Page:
Guest Writer, Paul Monaghan is a self taught photographer based just out side of Glasgow in Scotland who has has been shooting for the better part of six years. When he first started, he would shoot everything around him from landscapes, people and concerts. Eventually, he found his way to birds.
As a lover of birds, you can imagine how excited I was to find out about a visitors center called World of Wings in Cumbernauld that has a great variety of birds and is only a fifteen minute drive from my home. First things first, I decided to take the family on a day out to visit the venue and witness the birds in action. We had a great time and whilst we were there I looked around for a possible place to set up a studio and also talked to the staff about taking photos of the birds.
Having scouted the place, I knew I could set up in their education hut. Also, while talking to the staff, I knew they'd had plenty of photographers taking images of their birds but not in a studio environment.
I had to make a compromise here as it was a metal roofed wooden hut with a metal roof, in the middle of a field, in Scotland, during winter, without heating. There were icicles on the roof that were dripping from time to time, so I used lighting modifiers that my lights could sit inside to stop the drips getting to the electronics.
The lighting comprised of a Lencarta 200w/s smart flash inside a brolly with a diffusion layer at the front centre up high, two more smart flash's were used with 60x90cm gridded soft-box at either side. A Metz 50af-1 was also used inside the 60x60cm soft-box on the ground at the front centre (not visible in the photo) to give some fill.
For the shots I used a Pentax k5 with da* 50-135 f2.8, most of the shots were taken at ISO 80, 1/160, f5.6/6.3, with focal length changing depending on the bird and for wide/close ups. The lights were triggered by a radio trigger connected to one light and the rest triggered optically.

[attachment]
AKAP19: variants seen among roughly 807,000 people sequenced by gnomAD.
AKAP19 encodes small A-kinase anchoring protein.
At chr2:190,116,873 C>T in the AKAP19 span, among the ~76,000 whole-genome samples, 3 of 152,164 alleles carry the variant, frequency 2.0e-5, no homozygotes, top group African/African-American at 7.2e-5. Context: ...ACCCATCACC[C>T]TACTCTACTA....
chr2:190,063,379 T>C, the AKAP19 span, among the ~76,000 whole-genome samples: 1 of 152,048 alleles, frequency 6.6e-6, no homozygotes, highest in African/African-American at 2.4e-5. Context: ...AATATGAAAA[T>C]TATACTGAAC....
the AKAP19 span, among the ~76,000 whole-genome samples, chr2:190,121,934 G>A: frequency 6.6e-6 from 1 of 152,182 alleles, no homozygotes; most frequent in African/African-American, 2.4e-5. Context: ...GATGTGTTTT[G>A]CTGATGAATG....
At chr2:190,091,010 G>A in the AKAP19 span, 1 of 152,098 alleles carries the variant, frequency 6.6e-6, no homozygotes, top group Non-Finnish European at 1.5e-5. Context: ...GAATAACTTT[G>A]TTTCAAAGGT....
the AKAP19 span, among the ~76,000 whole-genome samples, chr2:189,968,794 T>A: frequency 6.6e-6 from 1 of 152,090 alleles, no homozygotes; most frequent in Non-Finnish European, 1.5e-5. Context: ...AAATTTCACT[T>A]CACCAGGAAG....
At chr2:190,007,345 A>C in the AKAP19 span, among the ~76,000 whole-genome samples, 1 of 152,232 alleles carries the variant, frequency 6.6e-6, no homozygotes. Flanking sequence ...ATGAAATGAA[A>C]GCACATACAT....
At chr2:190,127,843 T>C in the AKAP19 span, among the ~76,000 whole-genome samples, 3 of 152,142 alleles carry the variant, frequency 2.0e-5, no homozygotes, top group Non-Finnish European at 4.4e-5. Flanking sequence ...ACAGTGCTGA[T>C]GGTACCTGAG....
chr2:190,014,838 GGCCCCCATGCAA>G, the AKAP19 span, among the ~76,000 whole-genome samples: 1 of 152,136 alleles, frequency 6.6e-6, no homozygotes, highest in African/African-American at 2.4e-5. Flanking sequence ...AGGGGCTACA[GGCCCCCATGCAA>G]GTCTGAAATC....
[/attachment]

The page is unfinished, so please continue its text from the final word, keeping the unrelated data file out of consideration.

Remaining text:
Before I start on this section I need to say a big “thank you” to the staff at 'World of Wings' who were nothing short of amazing in their hospitality and help. Without them I would never have captured such images of these wonderful birds.
Once my setup was finished and the lighting was tweaked they way I wanted, the staff let me select the birds I wanted to shoot.
Each of the birds were brought in and some were tied to the stand, they had a nice selection of parrots, hawks, eagles, owls and vultures all of which were well behaved. I tried to let each bird settle down a little and do a test flash to see how they reacted to the lights, but at the same time I didn't want to keep the birds there any longer than needed with the strange situation they had been put in. Finding a balance between these two forces is important.
Here are more of the images that I produced, and I hope that you all enjoy them and that this article can help you on your own journey. Personally my camera has given me lots of great opportunities to see and do things I never thought I would.
For more of Paul's work visit his flickr account
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